In its latest report on the Zimbabwe economy, the World Bank projects a 3.9% recovery for Zimbabwe’s economy. However, the report details how extreme poverty worsened over the past year, mainly due to two successive droughts and the impact of COVID-19, widening inequality.
Here, we list some of the report’s key findings on rising poverty and inequality in Zimbabwe.
Extreme poverty has risen to record highs
The pandemic added 1.3 million Zimbabweans to the extreme poor, according to the report. The number of people classified as “extreme poor” – people who earn less than US$29.80 per month – rose to 7.9 million in 2020, which is 49% of the population. This was due to job and income losses in urban areas, and a deterioration of social services in rural areas, the World Bank says.
The number of extreme poor has risen markedly from three million in 2011.
Zimbabwe now one of the most unequal societies in Africa
Inequality has increased sharply in Zimbabwe, to among the highest levels in Sub Saharan Africa. Zimbabwe’s score on the Gini Index, which measures the distribution of wealth across the population, increased from 45 in 2017 to 50 in April-May 2019.
The richest ten percent of Zimbabweans consume 20 times more than the poorest ten percent.
Between 2017 and April-May 2019, consumption expenditure dropped by about 25% for the poorest ten percent of the population, while for the richest 10%, it rose by 17%.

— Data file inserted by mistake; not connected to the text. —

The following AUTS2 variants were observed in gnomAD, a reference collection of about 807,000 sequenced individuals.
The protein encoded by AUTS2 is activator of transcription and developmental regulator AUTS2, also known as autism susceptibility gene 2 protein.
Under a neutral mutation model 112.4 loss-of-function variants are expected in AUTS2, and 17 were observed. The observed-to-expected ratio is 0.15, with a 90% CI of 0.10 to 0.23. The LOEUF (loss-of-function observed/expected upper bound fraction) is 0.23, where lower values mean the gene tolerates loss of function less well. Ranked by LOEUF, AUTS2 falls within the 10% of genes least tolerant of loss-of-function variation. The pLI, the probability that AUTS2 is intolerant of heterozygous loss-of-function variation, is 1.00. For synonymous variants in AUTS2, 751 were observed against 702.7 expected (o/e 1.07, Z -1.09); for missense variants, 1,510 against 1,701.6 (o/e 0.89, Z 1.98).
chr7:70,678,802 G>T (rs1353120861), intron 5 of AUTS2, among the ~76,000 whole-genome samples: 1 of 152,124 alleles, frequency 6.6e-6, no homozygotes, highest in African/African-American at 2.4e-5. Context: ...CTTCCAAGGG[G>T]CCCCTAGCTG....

How COVID-19 hit jobs
COVID-19 cut jobs in urban areas and limited job opportunities in rural areas. A survey found that one of five people who had a job in March 2020 reported that they were no longer working in July 2020.
The July, nearly 500,000 households had one member who had lost a job since the outbreak started. The most common stated reason for losing a job in urban areas was business closure due to the lockdown (56 percent of those who lost their job), followed by being laid-off while business continued
The urban poor had it worse than the rural poor
Poverty is rising faster in urban areas than in rural communities.
According to the World Bank, inequality deepened in urban areas, the result of job losses accelerated by COVID-19. This saw urban people spending less. The rural population experienced much lower consumption losses, and appeared to be less affected by the downturn, “perhaps due to subsistence farming”, the report says.